By Joel Certa-Werner
I wasn’t really sure what to expect from the mission trip to El Salvador with Bishop Jung and those on the cabinet - one of whom is my wife, D.S. Rev. Barb Certa-Werner. It wasn’t a destination location on my radar - at all. But this land of coffee trees and dormant volcanoes deepened my love for our United Methodist connection and demonstrated the transformative power of social holiness. I flew home exhausted, but also renewed and transformed!
Sue D’Alessio asked me to share my impressions of the trip as someone from outside the cabinet. And, in many ways the trip was as expected: a week filled of team building (among the bishop and cabinet), site seeing (Mayan Temple, capital city San Salvador sites, Ataco tourist trap packed with street vendors, crossing a bridge to Guatemala), mission projects (painting the Methodist school, distributing food to destitute families, and leading VBS), education experiences (learning about the brutal civil war spanning the 1980's, the Jesuit martyrs slain in the political unrest, the assassination of national hero Archbishop Oscar Romaro, and meeting with theologian Fr. Jon Sobrino), and relationship building (visiting Methodist congregations, schools, clinics, pastors, conference staff, and missionaries). But, what surprised me was the impact of what John Wesley called social holiness - especially with those “down the mountain.”
In the Bible, Jesus took time away - up a mountain - with Peter, James and John. The disciples’ experience there was so powerful that they wanted to build structures and stay at the top of the mountain. But, Jesus told them that they were to go back down. Why? I am confident it was because life and faith ought to engage people where they are.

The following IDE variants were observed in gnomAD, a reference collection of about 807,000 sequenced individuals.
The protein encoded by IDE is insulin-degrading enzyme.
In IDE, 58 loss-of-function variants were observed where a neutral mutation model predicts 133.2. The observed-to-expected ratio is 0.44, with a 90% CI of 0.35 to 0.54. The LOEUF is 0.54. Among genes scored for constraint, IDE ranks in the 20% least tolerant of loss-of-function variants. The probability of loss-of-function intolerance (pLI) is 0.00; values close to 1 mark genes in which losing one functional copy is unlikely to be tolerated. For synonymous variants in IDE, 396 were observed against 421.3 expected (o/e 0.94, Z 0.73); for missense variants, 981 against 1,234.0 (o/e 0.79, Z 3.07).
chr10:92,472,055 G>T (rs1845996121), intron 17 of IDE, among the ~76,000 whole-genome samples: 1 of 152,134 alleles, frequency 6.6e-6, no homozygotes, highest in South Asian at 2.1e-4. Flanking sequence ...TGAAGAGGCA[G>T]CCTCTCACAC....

In El Salvador I was stunned to learn, when visiting Gloria Methodist Church, that there were many denominations and congregations “up the mountain.” But, no one would go “down into the valley” because that was where the degenerates, the undesirables, the sinful, the irredeemable dwelt. I was thrilled to learn that those kinds of neighborhoods were exactly where Methodism had, and was continuing to plant new congregations! I heard stories of how the Methodist congregations then helped transform entire neighborhoods from violence, destitution, gang action, and hopelessness to social reform, growing hope, economic change, and deep faith. I was bowled over by the vision, passion, and tenacity of El Salvador’s Methodist Bishop Juan de Dios in bringing the Gospel of Jesus Christ to the community as a whole, but especially to the overlooked, the outcast, the forgotten. This truly is social holiness at its finest!
All this has been since 1995 when Rev. Juan Mayorga and family returned from their time in the United States. They, as described by Rev. Jorge Mayorga, had experienced the holiness movement within The United Methodist Church and worked to bring this kind of relevant and transformative faith back home to El Salvador, launching the Evangelical Methodist Church. The Mayorga family then went on to help launch new Hispanic congregations in the Wisconsin Conference!
Currently, Methodism in El Salvador has grown to 13 congregations with 1,300 members. The most significant experience for me was to be able to lead VBS with a sanctuary full of beautiful children from “down the mountain” with crazy songs and stories of Jesus Who loves them so deeply.
One comment stood out to me from our conversation with the theologian Fr. Jon Sobrino at Central America University in San Salvador. He said, “I was raised and theologically trained in Spain, and then in Germany. But, it was when I came to the poor in El Salvador that I truly experienced the presence and power of Jesus.” I, too, am so grateful to have experienced the presence and power of Jesus transforming lives in and through El Salvador. I hope others will consider being part of a mission trip there!